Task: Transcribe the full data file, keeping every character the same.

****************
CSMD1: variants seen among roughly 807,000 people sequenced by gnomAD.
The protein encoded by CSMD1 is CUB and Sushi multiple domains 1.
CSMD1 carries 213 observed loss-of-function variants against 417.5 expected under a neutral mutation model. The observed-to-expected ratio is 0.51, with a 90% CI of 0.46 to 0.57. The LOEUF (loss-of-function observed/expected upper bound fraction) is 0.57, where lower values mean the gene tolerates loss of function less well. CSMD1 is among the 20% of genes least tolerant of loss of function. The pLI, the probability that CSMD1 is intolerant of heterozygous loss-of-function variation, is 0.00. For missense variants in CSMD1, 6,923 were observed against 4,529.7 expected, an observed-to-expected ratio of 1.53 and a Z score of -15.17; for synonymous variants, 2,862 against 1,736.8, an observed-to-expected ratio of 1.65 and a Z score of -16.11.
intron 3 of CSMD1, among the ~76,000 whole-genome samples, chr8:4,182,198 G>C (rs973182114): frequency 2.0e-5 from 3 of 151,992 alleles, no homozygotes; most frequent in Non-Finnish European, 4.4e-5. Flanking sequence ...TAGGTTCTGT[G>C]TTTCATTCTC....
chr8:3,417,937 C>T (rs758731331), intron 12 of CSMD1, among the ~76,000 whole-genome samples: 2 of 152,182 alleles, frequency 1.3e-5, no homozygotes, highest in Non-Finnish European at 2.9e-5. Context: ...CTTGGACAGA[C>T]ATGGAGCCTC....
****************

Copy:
CSMD1: variants seen among roughly 807,000 people sequenced by gnomAD.
The protein encoded by CSMD1 is CUB and Sushi multiple domains 1.
CSMD1 carries 213 observed loss-of-function variants against 417.5 expected under a neutral mutation model. The observed-to-expected ratio is 0.51, with a 90% CI of 0.46 to 0.57. The LOEUF (loss-of-function observed/expected upper bound fraction) is 0.57, where lower values mean the gene tolerates loss of function less well. CSMD1 is among the 20% of genes least tolerant of loss of function. The pLI, the probability that CSMD1 is intolerant of heterozygous loss-of-function variation, is 0.00. For missense variants in CSMD1, 6,923 were observed against 4,529.7 expected, an observed-to-expected ratio of 1.53 and a Z score of -15.17; for synonymous variants, 2,862 against 1,736.8, an observed-to-expected ratio of 1.65 and a Z score of -16.11.
intron 3 of CSMD1, among the ~76,000 whole-genome samples, chr8:4,182,198 G>C (rs973182114): frequency 2.0e-5 from 3 of 151,992 alleles, no homozygotes; most frequent in Non-Finnish European, 4.4e-5. Flanking sequence ...TAGGTTCTGT[G>C]TTTCATTCTC....
chr8:3,417,937 C>T (rs758731331), intron 12 of CSMD1, among the ~76,000 whole-genome samples: 2 of 152,182 alleles, frequency 1.3e-5, no homozygotes, highest in Non-Finnish European at 2.9e-5. Context: ...CTTGGACAGA[C>T]ATGGAGCCTC....